Last updated: July 29. 2014 8:21PM - 1112 Views
By Alexander Hider



Submitted Photo|Rio Grande AthleticsPortsmouth West High School's Austin Howard is joined by University of Rio Grande head baseball coach Brad Warnimont (left) and his father, Ron, (right) as he prepares to sign a national letter of intent to continue his career with the RedStorm.
Submitted Photo|Rio Grande AthleticsPortsmouth West High School's Austin Howard is joined by University of Rio Grande head baseball coach Brad Warnimont (left) and his father, Ron, (right) as he prepares to sign a national letter of intent to continue his career with the RedStorm.
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Alex Hider


ahider@civitasmedia.com


West High School’s best hitter of the past two decades has finally chosen a new home.


Earlier this week, Austin Howard, the Senators’ hard-hitting first baseman, signed to play baseball for Rio Grande University this upcoming season.


“I loved everything about it,” Howard said. “I loved how close it was. I love how down to home it felt. I loved the atmosphere.”


“Rio Grande is getting a good ballplayer, there’s a lot of potential there in Austin,” West coach Chris Rapp said. “I look for (Rio Grande baseball coach) Brad Warnimont to bring the best out of him.”


The All-Ohio selection batted .524 this season for the Senators, the highest average of any player that Rapp has ever coached. Howard chose Rio Grande over the likes of Shawnee State University, the University of Northwestern Ohio and the University of Northern Ohio. He’ll join a cast of former local stars already playing for the RedStorm, including former Senators Brady Knittel, Anthony Knittel, Daulton Kenyon and CJ Adkins. He’ll also be playing with former a teammate and friend; Northwest’s Flip Cassidy.


“Coach Warnimont has a good program up there,” Rapp said. “We’ve got a bit of a pipeline going. It’s a nice atmosphere up there. It’s a small campus where they know your name; you’re not just a number there.”


Howard also expressed his excitement in playing for Coach Warnimont.


“I loved how he gave us straight facts. He gave us everything we needed to know about Rio, he didn’t try and beat around the bush,” Howard said. “The weight program is really intense, I’m looking forward to it. I’m looking for to getting stronger.”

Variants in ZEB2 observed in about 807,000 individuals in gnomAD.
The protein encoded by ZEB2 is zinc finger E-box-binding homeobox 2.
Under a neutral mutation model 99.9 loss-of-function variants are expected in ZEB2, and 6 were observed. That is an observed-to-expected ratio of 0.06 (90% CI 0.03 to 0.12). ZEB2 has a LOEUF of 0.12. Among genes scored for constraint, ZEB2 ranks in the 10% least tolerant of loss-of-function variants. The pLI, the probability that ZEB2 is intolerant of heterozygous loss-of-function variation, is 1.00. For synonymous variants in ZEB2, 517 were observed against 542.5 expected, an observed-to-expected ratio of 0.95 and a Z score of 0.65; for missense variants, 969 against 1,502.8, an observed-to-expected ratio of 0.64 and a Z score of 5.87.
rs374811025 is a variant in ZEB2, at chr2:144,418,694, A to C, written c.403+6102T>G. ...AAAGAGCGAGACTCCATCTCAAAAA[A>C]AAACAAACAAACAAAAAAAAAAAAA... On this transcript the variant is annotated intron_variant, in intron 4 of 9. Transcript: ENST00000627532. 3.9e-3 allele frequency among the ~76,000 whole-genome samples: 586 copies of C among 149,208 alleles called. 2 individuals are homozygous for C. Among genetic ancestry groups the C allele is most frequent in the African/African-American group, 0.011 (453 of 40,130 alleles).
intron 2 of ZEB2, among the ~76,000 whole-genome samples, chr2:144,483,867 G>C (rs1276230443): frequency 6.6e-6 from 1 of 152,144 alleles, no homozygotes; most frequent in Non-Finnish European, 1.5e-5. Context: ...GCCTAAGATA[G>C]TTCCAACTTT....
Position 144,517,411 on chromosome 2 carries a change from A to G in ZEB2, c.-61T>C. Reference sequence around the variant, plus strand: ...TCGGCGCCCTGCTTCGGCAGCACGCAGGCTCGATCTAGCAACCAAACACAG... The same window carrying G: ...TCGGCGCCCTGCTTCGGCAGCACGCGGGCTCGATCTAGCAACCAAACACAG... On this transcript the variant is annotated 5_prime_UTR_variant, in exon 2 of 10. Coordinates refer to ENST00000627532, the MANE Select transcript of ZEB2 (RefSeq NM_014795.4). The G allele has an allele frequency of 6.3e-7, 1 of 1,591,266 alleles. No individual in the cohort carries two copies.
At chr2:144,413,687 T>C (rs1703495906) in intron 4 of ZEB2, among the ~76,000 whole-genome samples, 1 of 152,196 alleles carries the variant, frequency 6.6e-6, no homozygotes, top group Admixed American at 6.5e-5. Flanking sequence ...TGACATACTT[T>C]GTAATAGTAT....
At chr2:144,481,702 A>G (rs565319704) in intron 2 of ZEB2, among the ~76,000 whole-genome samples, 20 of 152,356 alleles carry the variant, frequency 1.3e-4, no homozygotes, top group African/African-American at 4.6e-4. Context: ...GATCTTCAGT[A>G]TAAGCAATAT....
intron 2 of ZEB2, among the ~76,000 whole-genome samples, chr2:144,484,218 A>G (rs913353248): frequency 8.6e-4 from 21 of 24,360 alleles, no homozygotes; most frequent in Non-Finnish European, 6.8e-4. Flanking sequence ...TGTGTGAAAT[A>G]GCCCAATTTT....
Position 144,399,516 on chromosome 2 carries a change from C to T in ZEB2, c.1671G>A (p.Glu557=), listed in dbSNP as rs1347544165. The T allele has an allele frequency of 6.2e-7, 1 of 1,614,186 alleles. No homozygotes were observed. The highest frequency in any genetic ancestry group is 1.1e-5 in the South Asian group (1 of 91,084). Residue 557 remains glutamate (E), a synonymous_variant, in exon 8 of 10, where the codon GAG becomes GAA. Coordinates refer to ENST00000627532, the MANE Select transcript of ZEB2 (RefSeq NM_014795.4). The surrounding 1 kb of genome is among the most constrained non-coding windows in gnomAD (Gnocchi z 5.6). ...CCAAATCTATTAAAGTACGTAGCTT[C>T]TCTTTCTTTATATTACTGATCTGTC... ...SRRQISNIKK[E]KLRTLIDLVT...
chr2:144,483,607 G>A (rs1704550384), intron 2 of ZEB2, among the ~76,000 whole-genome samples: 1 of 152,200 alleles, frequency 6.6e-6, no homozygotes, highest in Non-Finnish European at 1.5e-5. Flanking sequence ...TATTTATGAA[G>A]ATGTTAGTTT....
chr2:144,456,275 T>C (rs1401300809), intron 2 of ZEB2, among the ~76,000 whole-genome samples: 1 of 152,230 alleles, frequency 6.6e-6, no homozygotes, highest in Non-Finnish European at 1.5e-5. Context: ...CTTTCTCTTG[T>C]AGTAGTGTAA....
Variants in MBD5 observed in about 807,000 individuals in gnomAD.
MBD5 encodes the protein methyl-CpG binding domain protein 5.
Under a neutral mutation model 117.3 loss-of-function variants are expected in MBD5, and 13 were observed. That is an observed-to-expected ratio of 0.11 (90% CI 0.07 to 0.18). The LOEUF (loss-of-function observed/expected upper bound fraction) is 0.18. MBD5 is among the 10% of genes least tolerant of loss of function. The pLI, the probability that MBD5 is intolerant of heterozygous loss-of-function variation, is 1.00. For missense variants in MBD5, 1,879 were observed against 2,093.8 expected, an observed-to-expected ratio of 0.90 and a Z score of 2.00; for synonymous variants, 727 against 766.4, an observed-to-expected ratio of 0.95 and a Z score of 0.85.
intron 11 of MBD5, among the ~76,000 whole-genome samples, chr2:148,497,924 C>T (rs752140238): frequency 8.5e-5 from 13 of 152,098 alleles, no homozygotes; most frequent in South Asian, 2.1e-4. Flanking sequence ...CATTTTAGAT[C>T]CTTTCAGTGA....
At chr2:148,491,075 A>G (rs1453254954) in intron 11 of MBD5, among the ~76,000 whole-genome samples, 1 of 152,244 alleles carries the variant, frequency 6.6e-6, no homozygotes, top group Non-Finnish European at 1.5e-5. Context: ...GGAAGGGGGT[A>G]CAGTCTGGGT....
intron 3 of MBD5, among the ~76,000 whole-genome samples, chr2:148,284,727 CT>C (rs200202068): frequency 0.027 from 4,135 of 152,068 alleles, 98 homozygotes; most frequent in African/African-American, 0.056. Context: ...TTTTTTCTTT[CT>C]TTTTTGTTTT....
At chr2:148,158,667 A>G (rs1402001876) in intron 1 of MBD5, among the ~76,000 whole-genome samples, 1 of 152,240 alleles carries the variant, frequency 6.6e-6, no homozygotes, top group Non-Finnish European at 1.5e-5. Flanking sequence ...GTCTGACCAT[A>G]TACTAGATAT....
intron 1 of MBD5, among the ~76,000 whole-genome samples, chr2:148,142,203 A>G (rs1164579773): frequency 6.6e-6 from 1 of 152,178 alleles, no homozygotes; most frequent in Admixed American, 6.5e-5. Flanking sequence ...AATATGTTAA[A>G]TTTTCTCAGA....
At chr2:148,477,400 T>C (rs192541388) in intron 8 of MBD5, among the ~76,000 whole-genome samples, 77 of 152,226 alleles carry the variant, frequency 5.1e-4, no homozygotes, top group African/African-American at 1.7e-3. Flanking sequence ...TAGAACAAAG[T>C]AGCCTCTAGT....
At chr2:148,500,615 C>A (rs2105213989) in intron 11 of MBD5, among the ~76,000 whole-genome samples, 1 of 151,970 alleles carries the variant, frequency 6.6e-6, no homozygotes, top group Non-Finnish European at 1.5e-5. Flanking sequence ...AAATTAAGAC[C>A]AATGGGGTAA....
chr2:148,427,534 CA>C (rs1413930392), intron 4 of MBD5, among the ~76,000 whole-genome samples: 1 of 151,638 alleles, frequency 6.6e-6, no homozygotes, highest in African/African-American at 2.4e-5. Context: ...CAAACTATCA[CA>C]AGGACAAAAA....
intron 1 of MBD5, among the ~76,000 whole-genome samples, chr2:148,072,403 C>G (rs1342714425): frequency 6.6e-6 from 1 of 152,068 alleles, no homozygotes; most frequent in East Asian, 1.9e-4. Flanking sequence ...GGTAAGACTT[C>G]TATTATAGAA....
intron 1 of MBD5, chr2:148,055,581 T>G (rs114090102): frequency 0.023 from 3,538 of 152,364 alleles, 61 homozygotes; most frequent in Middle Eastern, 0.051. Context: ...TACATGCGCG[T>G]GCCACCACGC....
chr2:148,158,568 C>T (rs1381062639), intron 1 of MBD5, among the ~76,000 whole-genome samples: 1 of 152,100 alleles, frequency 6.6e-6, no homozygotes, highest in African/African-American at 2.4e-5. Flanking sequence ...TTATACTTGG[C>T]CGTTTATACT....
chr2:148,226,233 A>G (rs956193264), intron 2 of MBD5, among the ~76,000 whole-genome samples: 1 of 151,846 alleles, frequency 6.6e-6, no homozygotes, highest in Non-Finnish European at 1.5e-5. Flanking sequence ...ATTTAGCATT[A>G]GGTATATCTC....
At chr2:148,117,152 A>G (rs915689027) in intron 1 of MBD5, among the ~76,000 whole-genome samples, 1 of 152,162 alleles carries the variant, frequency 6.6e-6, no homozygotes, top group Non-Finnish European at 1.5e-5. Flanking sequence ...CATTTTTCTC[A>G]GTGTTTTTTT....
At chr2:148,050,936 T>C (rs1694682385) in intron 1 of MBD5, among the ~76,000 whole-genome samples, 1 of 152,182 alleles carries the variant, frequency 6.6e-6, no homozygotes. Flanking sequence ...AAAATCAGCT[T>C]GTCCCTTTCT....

The RedStorm’s weight program is certainly a big draw to a power hitter like Howard. The right-handed slugger was West’s leading home run hitter last season, something he hopes to bring to Bob Evans Field.


“I want to bring my power to Rio. I want to stay consistent and make big hits,” Howard said.


A former winner of Southern Ohio Medical Center’s Branch Rickey Award (awarded to area athletes for Christian and team leadership), Howard has been just as active off the field as he is on it. An active member in the area’s Community Bible Church, he remains devoted to his faith, no matter where he is.


“Me and my friend Trevor Welsh, we pray before every game, and we weren’t ashamed. Someone in the stands questioned us up at the VA in our district game, and we went ahead and did it anyway,” he said. “We stuck with what we believed in.”


That wasn’t the only struggled he faced during his senior year at West. Transitioning from catcher to first base, Howard was forced to rework his throwing mechanics for his new position.


“I had a lot of trouble transitioning,” Howard said. “I wanted to quit.”


With hard work and extra practice, he was able to help lead West to the second overall seed in the Division III district tournament.


“I think a lot kids get to thinking too much They want to put the ball in the perfect spot instead letting the mechanics take over,” Rapp said. “We told him to not think about, just go out there and do it, and it paid off.”


“(Coach Rapp) taught me a baseball lesson and a life lesson: Never give up and always work your hardest,” Howard said.


Though West fell in its first playoff game to Chillicothe Huntington, Howard hopes he leaves behind a legacy of hard work and resiliency. He also left behind some advice to his Senator teammates.


“I told the boys ‘Don’t let anybody tell you you’re going to be bad next year, because no one sees how hard you work in that gym but you,” he said. “You never know when your last baseball game is going to be. You want to work as hard as you can to make sure that doesn’t happen.”


Alex Hider can be reached at (740) 353-3101 ext. 1931 or on Twitter @PDTSportsWriter


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